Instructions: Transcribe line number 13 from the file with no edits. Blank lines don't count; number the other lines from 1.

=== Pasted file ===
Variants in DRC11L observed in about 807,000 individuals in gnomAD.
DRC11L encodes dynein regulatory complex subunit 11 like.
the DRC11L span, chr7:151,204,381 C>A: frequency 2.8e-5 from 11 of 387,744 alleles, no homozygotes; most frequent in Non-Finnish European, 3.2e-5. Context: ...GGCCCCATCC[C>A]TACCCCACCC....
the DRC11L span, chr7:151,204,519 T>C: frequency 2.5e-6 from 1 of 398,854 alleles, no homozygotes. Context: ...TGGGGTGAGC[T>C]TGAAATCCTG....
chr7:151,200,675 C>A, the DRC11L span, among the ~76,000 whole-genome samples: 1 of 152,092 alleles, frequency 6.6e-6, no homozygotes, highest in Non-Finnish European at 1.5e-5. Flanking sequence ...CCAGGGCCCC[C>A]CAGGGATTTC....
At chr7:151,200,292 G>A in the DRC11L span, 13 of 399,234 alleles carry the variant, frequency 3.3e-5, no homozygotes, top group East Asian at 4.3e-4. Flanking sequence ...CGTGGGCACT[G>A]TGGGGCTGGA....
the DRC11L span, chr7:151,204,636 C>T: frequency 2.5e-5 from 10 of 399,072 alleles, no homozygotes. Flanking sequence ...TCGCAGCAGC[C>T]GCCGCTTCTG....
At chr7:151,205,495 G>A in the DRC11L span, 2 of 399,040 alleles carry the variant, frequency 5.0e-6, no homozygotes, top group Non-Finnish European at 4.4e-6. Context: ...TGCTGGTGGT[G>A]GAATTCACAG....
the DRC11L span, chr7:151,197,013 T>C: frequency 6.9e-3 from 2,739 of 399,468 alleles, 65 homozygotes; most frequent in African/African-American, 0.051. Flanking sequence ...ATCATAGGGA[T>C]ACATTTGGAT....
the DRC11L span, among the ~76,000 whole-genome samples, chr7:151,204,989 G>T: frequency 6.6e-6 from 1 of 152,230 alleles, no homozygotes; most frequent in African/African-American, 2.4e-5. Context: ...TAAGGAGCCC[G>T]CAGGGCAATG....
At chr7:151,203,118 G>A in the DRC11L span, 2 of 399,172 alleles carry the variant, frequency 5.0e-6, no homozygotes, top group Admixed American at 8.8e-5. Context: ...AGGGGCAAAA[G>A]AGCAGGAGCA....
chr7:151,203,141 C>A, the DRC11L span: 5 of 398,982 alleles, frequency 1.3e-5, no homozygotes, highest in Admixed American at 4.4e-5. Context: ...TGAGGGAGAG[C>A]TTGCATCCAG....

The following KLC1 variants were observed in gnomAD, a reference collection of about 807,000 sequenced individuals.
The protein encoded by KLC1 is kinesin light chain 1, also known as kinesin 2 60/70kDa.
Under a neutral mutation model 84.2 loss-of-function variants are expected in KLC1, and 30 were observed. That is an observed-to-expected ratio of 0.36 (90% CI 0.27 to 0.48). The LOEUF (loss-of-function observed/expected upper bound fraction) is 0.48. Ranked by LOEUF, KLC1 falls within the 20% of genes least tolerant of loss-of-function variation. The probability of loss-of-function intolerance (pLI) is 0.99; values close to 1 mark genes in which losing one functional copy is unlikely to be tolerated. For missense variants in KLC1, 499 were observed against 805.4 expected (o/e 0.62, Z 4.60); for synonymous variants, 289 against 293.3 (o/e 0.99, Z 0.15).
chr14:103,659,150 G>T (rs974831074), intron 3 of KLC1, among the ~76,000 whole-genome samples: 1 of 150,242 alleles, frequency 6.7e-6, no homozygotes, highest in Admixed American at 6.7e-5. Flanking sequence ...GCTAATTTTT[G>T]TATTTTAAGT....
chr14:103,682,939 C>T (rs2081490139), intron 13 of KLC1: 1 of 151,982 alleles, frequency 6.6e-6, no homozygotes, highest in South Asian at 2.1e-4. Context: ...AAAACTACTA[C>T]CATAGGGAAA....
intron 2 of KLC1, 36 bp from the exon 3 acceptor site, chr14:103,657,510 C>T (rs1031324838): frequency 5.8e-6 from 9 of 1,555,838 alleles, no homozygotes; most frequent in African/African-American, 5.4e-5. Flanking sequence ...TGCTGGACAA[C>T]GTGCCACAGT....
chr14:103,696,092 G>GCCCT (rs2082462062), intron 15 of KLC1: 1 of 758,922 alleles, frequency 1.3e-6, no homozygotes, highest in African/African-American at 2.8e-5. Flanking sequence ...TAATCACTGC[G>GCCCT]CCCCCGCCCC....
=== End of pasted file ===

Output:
The following KLC1 variants were observed in gnomAD, a reference collection of about 807,000 sequenced individuals.